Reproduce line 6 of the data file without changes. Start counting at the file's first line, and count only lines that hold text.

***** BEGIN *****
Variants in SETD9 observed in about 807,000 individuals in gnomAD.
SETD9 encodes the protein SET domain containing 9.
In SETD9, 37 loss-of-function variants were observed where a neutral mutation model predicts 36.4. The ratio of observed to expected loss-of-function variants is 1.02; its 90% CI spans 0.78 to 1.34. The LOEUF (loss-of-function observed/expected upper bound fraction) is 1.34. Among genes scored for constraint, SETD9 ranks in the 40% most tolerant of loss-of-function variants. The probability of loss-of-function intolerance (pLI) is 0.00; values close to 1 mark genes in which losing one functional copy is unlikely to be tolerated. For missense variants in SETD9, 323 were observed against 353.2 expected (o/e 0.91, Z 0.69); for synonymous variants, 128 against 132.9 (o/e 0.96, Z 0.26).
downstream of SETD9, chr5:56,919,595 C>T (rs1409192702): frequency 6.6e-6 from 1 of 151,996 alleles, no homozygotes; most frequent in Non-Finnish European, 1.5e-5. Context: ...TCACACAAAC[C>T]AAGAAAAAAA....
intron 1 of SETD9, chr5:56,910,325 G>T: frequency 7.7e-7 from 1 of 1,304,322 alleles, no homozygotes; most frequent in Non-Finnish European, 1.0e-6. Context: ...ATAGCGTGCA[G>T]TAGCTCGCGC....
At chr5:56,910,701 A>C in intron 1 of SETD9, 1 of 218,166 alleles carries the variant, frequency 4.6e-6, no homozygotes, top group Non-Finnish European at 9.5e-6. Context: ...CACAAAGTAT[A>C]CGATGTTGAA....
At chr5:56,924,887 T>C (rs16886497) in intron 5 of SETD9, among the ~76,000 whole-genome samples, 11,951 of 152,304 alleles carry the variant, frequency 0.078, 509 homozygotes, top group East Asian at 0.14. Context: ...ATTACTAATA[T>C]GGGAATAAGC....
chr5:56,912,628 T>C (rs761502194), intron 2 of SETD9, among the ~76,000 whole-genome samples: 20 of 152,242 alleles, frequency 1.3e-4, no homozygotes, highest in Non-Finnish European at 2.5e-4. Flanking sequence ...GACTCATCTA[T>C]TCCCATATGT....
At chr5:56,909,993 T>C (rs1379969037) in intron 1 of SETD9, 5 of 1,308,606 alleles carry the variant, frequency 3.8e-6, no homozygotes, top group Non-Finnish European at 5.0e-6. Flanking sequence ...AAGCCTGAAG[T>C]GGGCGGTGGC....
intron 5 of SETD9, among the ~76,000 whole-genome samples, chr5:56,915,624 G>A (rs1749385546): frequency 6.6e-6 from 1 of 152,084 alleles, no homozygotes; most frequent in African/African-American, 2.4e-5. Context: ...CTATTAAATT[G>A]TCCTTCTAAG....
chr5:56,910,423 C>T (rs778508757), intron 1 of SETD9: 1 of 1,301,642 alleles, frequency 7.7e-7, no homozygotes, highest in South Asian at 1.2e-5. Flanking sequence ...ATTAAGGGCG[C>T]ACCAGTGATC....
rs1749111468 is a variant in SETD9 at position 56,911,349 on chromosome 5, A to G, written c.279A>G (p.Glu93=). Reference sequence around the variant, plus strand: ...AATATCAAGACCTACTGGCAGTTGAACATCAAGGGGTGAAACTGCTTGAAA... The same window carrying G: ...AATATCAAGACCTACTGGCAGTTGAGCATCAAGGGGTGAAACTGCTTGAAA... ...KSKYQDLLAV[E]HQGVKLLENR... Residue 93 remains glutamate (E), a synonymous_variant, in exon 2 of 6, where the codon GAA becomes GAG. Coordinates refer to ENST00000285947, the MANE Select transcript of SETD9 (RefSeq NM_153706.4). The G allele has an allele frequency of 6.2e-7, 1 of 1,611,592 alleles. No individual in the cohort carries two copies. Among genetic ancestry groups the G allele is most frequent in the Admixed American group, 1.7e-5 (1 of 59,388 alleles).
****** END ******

At chr5:56,910,701 A>C in intron 1 of SETD9, 1 of 218,166 alleles carries the variant, frequency 4.6e-6, no homozygotes, top group Non-Finnish European at 9.5e-6. Context: ...CACAAAGTAT[A>C]CGATGTTGAA....